The complement of onto can be a prospect or anything that leads away.
The preposition on can refer not only to to the placement of something (She put the hat on her head); it can refer to the direction in which one (the one being spoken about) is facing. Hence onward and They marched on. And direction always has two elements, relative orientation and continuation.
to has the sense movement in a direction.
He went to the window and looked out.
Combined, on + to indicates something with extension-in-space there in the direction in which one is facing.
The doors opened onto a large terrace.
A person standing at that place, having opened the doors, will find a terrace there in front of them.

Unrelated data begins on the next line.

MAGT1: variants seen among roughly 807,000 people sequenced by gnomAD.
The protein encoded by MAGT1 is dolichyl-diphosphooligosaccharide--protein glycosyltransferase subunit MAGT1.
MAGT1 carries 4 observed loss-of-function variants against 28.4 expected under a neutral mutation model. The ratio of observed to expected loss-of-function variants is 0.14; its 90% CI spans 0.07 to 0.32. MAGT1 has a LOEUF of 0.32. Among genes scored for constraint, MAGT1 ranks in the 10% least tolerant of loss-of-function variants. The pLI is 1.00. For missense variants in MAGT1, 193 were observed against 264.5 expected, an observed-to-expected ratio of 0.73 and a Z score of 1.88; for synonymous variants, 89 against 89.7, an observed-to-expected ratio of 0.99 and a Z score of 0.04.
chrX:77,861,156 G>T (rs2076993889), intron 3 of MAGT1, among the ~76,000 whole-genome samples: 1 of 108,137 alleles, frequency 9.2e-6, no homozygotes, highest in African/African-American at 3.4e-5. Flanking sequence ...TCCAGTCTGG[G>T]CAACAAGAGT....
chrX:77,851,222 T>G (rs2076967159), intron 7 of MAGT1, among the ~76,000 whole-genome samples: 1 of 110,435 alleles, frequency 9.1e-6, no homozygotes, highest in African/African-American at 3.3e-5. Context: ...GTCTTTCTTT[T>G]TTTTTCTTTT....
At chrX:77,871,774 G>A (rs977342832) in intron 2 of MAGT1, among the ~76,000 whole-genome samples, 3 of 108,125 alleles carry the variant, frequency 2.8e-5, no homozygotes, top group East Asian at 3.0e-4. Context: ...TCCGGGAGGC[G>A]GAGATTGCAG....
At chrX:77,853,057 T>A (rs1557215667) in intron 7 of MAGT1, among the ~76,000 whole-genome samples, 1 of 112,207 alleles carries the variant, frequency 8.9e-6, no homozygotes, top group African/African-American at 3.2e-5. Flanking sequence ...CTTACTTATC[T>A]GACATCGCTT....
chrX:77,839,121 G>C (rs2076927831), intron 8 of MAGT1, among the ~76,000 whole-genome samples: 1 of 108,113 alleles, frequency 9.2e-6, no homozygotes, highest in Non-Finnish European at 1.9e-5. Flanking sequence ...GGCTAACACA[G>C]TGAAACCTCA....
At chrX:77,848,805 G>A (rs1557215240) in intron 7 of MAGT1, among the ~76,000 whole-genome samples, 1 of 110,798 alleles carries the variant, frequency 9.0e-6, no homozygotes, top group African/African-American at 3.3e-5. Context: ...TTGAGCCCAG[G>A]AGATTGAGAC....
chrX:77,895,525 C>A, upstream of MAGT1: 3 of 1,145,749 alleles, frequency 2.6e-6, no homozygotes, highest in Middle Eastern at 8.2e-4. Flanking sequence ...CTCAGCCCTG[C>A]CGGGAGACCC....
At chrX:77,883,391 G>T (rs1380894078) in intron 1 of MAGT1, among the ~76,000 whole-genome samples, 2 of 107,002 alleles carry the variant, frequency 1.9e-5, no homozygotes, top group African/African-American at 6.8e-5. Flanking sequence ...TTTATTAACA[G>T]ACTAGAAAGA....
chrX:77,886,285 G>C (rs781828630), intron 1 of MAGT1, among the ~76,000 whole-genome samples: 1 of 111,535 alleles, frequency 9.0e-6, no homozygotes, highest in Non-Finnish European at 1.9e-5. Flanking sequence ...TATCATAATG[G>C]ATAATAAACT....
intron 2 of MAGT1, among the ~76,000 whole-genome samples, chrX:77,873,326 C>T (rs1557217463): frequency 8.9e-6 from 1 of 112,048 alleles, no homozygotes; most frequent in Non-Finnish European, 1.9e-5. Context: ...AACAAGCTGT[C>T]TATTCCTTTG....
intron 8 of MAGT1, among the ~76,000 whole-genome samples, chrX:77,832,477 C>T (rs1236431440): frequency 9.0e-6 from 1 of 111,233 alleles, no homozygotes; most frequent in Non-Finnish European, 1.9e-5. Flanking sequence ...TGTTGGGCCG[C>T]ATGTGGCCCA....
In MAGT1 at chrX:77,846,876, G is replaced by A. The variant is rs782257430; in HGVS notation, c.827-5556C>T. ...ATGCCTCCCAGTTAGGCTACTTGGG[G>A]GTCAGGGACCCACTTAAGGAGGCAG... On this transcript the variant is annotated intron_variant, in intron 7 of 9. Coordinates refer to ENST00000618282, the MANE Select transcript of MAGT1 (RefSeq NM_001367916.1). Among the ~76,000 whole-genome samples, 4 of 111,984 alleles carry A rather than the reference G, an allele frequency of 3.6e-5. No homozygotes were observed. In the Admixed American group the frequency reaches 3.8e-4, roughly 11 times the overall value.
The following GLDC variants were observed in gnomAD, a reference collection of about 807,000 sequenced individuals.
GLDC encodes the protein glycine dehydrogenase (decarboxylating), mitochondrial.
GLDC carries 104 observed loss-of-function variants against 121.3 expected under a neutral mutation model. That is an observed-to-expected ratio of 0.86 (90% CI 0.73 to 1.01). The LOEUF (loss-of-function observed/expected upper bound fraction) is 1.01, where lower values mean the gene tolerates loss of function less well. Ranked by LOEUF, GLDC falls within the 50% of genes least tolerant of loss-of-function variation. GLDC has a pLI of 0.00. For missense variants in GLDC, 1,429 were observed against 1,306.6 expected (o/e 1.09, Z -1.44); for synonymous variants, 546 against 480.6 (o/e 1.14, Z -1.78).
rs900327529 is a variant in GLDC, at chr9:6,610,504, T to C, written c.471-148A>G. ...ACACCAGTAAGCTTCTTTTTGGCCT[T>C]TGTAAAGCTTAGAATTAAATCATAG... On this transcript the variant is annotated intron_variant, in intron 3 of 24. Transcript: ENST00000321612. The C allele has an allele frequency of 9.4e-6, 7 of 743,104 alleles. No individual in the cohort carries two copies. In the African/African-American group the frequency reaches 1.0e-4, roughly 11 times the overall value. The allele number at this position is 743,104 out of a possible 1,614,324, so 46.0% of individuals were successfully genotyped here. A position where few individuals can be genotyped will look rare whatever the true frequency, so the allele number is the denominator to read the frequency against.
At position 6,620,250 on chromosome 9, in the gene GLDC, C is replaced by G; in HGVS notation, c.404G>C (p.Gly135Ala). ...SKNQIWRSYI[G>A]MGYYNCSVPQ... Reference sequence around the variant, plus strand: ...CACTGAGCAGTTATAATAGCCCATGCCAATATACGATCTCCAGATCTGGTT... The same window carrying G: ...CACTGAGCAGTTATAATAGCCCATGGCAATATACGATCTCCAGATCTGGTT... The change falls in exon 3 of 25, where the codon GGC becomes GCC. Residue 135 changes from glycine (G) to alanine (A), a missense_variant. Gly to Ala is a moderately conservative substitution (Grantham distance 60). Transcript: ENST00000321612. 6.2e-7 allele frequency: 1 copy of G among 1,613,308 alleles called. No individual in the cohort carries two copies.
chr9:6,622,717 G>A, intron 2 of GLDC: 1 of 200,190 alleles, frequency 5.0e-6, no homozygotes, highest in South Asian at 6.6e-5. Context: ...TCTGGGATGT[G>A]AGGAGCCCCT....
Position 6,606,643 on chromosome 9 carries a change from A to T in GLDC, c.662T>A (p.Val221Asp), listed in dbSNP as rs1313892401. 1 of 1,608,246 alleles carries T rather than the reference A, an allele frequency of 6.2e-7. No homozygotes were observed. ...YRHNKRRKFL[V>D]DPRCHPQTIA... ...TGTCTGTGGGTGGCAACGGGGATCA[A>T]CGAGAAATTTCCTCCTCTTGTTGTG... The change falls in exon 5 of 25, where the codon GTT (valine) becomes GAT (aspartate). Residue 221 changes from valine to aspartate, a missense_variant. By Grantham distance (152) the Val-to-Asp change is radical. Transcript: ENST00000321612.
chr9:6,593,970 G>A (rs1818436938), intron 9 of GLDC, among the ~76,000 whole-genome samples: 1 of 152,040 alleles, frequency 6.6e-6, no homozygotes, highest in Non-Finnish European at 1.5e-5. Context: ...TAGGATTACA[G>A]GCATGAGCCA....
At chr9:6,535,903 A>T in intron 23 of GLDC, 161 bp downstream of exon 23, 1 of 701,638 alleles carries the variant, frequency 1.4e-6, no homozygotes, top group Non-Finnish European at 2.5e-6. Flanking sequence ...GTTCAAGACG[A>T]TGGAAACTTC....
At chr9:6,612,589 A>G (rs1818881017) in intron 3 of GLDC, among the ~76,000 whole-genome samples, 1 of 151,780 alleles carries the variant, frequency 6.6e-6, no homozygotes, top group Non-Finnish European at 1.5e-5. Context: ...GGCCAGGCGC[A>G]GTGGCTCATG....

We would not say (except in a jest or ironic use)
The doors opened onto a small broom closet.
A broom closet lacks real extension-in-space-in-the-direction-one-is-facing (not to mention the fact that the closet door doesn't swing out into the closet area).
The door opened onto an alley which eventually opened onto a wide thoroughfare.